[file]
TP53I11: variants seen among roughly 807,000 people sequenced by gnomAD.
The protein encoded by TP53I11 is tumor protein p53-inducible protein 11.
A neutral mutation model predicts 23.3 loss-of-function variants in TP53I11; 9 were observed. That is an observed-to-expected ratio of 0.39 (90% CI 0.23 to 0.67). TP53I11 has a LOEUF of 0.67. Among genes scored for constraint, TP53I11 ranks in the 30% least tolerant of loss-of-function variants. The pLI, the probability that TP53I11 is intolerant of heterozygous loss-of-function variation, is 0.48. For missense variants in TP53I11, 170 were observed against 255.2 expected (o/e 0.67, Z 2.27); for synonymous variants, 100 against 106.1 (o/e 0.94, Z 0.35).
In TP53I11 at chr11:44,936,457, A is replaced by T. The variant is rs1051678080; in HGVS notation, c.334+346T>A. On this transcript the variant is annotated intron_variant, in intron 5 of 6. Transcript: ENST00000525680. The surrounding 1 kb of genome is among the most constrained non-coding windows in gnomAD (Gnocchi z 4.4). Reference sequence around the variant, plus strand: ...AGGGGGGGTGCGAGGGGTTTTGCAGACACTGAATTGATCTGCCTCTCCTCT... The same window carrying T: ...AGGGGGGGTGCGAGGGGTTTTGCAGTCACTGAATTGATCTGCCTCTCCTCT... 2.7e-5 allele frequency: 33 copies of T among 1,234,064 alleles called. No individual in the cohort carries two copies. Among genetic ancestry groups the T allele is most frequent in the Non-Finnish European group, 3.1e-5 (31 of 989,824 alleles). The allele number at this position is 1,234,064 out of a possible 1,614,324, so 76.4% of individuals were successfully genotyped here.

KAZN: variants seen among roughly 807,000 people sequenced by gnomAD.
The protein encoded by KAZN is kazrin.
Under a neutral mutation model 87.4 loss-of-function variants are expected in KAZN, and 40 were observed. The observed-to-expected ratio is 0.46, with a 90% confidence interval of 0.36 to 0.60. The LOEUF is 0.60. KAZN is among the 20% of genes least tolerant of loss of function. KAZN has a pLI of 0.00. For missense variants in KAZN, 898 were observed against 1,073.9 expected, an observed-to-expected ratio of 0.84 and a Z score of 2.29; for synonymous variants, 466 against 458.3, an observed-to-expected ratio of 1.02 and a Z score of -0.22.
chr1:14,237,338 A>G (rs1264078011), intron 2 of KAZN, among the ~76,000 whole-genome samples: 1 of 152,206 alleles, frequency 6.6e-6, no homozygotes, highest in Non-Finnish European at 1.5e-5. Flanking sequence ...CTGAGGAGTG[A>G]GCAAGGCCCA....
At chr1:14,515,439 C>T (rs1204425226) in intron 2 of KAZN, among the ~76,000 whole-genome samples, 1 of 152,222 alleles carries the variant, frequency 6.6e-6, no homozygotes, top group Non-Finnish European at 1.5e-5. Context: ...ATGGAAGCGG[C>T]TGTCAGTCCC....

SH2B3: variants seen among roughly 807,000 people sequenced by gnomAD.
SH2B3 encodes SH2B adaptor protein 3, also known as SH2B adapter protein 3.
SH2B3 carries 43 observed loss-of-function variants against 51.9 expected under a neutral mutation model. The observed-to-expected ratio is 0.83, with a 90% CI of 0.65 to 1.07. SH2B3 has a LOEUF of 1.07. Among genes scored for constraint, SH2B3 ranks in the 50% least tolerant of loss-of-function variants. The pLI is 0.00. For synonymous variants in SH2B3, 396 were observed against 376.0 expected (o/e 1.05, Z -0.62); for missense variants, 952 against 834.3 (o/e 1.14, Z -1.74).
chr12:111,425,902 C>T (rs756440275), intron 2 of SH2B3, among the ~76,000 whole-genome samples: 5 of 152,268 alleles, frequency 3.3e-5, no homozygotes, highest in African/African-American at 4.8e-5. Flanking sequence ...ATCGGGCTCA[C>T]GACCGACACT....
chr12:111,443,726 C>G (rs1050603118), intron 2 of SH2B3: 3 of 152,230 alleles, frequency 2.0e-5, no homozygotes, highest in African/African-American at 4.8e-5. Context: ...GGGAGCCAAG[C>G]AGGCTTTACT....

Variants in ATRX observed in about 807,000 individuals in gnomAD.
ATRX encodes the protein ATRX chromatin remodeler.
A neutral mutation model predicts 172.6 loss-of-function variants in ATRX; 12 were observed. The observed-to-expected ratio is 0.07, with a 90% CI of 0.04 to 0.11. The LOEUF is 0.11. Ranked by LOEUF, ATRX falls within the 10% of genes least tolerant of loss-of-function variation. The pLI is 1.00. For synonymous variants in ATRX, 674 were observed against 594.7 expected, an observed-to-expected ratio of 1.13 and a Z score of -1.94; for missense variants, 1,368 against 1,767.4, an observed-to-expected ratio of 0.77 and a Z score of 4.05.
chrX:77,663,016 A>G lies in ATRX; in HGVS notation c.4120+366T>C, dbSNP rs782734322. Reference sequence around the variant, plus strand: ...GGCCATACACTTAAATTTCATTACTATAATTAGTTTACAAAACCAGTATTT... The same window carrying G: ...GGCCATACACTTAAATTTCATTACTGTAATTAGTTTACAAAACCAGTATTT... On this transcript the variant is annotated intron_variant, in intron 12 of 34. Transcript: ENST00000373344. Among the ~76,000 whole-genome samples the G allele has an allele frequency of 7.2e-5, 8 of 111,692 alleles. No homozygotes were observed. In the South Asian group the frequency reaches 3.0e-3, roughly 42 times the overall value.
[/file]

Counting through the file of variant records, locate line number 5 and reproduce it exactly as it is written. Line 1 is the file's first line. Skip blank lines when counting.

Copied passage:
KAZN: variants seen among roughly 807,000 people sequenced by gnomAD.